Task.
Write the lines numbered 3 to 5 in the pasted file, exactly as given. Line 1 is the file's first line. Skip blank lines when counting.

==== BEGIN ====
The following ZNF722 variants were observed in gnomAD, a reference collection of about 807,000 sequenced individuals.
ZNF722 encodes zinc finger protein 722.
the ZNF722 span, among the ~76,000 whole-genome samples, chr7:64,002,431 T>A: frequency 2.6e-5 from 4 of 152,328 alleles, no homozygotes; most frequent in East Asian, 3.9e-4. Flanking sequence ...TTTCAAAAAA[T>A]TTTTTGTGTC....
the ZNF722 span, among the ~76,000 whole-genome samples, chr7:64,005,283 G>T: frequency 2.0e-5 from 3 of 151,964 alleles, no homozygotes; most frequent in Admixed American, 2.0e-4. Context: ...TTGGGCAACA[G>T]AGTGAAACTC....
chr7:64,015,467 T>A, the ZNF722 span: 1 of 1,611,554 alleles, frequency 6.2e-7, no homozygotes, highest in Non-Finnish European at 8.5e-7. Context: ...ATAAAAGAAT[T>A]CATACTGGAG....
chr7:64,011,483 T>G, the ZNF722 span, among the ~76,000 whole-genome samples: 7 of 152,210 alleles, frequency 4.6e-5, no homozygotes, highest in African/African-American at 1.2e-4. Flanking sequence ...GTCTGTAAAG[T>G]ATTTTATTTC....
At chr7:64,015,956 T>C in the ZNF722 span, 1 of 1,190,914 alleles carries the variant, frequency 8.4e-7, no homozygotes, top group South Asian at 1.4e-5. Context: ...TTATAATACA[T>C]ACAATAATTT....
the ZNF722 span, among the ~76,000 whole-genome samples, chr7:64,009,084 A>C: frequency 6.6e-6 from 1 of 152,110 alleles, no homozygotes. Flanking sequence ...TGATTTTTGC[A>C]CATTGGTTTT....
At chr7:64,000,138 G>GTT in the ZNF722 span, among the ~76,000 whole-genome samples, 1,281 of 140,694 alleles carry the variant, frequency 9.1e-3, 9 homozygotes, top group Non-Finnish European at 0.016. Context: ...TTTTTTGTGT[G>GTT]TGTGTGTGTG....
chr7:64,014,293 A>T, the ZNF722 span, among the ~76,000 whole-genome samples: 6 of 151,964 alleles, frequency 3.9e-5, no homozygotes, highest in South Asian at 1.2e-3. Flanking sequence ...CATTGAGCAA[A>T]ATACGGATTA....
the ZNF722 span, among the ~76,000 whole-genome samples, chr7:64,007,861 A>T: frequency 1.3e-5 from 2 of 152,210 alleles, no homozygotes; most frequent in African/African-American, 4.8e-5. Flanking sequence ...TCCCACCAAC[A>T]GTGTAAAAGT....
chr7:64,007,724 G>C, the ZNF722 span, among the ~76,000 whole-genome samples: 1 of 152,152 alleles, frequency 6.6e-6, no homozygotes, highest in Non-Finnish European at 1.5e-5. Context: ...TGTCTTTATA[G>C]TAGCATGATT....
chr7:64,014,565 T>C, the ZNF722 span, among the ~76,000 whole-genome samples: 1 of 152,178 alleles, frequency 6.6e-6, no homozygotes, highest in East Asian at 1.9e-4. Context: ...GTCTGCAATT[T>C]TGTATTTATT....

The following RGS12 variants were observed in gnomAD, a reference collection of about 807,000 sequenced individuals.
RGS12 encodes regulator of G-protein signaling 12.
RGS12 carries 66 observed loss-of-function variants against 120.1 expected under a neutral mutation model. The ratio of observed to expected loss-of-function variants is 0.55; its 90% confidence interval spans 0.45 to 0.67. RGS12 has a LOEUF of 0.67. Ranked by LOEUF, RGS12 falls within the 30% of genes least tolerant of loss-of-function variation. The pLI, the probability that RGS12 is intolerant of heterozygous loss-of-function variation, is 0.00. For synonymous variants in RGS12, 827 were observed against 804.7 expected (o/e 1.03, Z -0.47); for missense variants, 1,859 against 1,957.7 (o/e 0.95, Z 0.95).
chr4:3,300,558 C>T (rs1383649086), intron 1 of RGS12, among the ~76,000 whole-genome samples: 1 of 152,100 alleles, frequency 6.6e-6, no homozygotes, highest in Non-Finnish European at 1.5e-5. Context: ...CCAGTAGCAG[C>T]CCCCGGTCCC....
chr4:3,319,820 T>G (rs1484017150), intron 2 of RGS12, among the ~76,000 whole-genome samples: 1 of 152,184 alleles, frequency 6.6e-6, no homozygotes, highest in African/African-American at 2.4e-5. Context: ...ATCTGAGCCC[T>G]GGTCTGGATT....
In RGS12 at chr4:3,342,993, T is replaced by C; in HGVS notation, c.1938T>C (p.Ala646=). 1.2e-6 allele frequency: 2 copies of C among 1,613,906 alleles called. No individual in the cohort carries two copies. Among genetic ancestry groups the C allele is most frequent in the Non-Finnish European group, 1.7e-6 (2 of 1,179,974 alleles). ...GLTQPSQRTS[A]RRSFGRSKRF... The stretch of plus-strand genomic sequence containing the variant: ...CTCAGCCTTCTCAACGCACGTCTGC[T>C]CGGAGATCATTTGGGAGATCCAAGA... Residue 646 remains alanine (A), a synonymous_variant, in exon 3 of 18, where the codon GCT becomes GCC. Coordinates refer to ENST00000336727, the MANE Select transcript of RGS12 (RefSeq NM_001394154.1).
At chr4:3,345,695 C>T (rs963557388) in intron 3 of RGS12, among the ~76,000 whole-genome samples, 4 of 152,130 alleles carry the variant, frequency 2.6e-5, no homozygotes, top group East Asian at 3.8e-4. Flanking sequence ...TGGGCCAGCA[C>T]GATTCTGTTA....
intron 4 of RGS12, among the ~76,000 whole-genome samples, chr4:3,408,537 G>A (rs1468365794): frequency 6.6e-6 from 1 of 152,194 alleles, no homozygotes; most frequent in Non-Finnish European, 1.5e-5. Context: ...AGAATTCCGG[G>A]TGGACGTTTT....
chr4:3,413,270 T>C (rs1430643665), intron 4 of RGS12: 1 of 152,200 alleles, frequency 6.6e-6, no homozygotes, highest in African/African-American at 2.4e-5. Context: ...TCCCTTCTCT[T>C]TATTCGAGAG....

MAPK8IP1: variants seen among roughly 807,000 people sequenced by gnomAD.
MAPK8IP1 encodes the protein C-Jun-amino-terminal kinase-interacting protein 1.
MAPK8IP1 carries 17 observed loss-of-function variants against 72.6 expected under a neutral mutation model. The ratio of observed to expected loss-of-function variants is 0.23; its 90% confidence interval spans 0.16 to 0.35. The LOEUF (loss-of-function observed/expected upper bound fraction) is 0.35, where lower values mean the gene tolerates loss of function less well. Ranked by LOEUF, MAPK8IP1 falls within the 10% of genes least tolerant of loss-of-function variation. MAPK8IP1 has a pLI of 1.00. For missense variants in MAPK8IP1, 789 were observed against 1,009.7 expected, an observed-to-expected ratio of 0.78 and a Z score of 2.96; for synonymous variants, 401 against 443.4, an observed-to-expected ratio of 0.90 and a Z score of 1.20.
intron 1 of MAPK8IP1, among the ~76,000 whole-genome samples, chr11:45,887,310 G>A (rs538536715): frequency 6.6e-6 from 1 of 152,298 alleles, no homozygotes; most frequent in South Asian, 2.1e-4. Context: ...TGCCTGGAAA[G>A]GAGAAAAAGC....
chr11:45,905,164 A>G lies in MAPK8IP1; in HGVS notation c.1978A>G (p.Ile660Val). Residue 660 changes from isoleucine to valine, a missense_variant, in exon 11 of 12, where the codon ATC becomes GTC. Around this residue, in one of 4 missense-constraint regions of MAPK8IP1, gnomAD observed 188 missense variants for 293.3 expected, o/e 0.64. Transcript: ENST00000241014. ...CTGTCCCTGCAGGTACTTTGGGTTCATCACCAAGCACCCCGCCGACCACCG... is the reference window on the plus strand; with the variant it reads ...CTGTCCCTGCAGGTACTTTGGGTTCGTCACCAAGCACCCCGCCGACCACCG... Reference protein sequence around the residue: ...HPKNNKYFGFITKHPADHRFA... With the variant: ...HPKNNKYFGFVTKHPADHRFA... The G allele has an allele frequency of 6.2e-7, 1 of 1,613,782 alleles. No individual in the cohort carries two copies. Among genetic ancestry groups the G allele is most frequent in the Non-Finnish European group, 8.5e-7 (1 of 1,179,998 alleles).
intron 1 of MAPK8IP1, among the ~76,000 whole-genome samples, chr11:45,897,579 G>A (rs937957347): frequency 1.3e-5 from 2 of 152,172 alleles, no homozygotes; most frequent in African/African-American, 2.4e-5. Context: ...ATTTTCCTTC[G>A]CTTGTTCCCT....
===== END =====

the ZNF722 span, among the ~76,000 whole-genome samples, chr7:64,002,431 T>A: frequency 2.6e-5 from 4 of 152,328 alleles, no homozygotes; most frequent in East Asian, 3.9e-4. Flanking sequence ...TTTCAAAAAA[T>A]TTTTTGTGTC....
the ZNF722 span, among the ~76,000 whole-genome samples, chr7:64,005,283 G>T: frequency 2.0e-5 from 3 of 151,964 alleles, no homozygotes; most frequent in Admixed American, 2.0e-4. Context: ...TTGGGCAACA[G>T]AGTGAAACTC....
chr7:64,015,467 T>A, the ZNF722 span: 1 of 1,611,554 alleles, frequency 6.2e-7, no homozygotes, highest in Non-Finnish European at 8.5e-7. Context: ...ATAAAAGAAT[T>A]CATACTGGAG....